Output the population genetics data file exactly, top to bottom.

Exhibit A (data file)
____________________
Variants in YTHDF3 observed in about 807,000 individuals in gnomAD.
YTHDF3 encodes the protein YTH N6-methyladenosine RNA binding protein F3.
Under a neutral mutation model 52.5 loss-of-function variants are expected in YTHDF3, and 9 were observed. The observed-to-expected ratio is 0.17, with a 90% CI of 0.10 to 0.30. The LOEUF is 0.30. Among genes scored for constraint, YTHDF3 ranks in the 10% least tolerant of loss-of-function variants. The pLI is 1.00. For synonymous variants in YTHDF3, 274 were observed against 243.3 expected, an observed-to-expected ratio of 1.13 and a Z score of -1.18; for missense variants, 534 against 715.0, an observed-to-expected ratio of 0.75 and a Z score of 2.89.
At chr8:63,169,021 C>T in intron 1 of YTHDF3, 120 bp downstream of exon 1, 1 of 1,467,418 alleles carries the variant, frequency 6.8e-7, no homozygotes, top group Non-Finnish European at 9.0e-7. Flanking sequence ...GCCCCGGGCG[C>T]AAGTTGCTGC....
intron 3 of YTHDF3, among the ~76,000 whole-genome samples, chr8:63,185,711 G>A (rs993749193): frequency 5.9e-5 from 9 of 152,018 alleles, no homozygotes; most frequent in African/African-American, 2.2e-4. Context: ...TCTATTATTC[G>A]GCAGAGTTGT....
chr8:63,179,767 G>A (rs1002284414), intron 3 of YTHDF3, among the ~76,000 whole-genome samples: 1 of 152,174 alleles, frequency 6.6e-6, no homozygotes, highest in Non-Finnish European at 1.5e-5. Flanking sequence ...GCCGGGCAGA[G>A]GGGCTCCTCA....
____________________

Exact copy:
Variants in YTHDF3 observed in about 807,000 individuals in gnomAD.
YTHDF3 encodes the protein YTH N6-methyladenosine RNA binding protein F3.
Under a neutral mutation model 52.5 loss-of-function variants are expected in YTHDF3, and 9 were observed. The observed-to-expected ratio is 0.17, with a 90% CI of 0.10 to 0.30. The LOEUF is 0.30. Among genes scored for constraint, YTHDF3 ranks in the 10% least tolerant of loss-of-function variants. The pLI is 1.00. For synonymous variants in YTHDF3, 274 were observed against 243.3 expected, an observed-to-expected ratio of 1.13 and a Z score of -1.18; for missense variants, 534 against 715.0, an observed-to-expected ratio of 0.75 and a Z score of 2.89.
At chr8:63,169,021 C>T in intron 1 of YTHDF3, 120 bp downstream of exon 1, 1 of 1,467,418 alleles carries the variant, frequency 6.8e-7, no homozygotes, top group Non-Finnish European at 9.0e-7. Flanking sequence ...GCCCCGGGCG[C>T]AAGTTGCTGC....
intron 3 of YTHDF3, among the ~76,000 whole-genome samples, chr8:63,185,711 G>A (rs993749193): frequency 5.9e-5 from 9 of 152,018 alleles, no homozygotes; most frequent in African/African-American, 2.2e-4. Context: ...TCTATTATTC[G>A]GCAGAGTTGT....
chr8:63,179,767 G>A (rs1002284414), intron 3 of YTHDF3, among the ~76,000 whole-genome samples: 1 of 152,174 alleles, frequency 6.6e-6, no homozygotes, highest in Non-Finnish European at 1.5e-5. Flanking sequence ...GCCGGGCAGA[G>A]GGGCTCCTCA....